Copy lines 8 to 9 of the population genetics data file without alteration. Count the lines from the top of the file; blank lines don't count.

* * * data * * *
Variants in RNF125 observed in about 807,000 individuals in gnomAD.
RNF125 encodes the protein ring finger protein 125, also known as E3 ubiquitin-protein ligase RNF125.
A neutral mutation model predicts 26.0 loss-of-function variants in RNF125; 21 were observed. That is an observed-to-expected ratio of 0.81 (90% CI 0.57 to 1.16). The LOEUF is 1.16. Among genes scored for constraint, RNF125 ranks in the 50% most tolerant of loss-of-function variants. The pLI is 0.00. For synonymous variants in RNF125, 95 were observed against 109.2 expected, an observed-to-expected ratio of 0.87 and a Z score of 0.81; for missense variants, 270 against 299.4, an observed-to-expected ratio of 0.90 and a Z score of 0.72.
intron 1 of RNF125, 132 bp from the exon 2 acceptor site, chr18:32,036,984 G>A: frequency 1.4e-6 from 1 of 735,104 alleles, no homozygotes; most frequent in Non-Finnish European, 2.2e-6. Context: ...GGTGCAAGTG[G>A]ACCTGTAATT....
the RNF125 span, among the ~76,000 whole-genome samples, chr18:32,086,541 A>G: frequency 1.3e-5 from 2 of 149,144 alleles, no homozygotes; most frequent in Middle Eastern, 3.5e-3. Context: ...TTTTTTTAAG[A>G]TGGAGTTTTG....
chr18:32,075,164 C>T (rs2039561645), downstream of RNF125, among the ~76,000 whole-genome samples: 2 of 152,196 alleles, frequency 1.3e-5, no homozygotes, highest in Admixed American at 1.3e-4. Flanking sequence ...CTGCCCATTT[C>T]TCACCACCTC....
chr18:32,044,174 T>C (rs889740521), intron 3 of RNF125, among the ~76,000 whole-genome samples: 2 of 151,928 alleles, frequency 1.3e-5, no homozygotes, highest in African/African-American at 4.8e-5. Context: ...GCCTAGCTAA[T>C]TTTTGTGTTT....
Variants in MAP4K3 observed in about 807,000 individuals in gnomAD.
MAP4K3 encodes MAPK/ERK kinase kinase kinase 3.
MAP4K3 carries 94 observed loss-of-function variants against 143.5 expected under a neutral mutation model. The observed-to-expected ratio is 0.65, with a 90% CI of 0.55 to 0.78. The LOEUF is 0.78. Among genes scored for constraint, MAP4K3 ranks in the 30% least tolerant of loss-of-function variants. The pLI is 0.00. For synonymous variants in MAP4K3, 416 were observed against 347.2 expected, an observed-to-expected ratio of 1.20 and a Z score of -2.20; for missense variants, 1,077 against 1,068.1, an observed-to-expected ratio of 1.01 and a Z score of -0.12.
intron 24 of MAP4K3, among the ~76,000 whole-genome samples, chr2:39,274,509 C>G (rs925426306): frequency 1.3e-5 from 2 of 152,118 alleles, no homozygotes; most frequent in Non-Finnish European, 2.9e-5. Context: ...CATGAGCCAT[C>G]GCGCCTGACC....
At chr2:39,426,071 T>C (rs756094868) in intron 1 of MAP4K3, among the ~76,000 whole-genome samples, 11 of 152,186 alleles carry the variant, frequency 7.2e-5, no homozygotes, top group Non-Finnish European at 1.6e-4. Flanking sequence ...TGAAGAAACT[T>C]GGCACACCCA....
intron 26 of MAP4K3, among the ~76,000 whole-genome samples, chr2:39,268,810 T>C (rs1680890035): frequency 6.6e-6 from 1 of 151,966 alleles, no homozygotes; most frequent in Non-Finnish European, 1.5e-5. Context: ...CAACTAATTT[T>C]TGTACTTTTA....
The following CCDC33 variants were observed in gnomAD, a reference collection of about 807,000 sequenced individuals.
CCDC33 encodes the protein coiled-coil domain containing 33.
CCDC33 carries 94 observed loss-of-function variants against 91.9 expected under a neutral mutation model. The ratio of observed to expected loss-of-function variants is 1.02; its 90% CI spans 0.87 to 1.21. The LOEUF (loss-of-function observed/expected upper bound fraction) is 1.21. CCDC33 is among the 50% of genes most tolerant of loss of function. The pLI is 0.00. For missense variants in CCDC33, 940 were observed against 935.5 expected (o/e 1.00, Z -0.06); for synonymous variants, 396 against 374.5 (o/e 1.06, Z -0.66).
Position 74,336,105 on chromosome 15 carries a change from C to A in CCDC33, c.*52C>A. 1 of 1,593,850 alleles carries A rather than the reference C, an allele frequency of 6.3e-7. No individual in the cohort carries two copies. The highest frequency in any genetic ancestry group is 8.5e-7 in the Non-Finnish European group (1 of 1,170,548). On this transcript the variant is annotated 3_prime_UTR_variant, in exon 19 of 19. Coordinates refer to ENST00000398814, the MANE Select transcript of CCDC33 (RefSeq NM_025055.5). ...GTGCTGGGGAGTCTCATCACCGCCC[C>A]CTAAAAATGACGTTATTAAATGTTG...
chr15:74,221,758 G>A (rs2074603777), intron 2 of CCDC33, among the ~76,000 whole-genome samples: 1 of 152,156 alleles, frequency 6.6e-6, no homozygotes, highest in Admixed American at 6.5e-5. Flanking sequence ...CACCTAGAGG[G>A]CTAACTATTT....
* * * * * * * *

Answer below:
Variants in MAP4K3 observed in about 807,000 individuals in gnomAD.
MAP4K3 encodes MAPK/ERK kinase kinase kinase 3.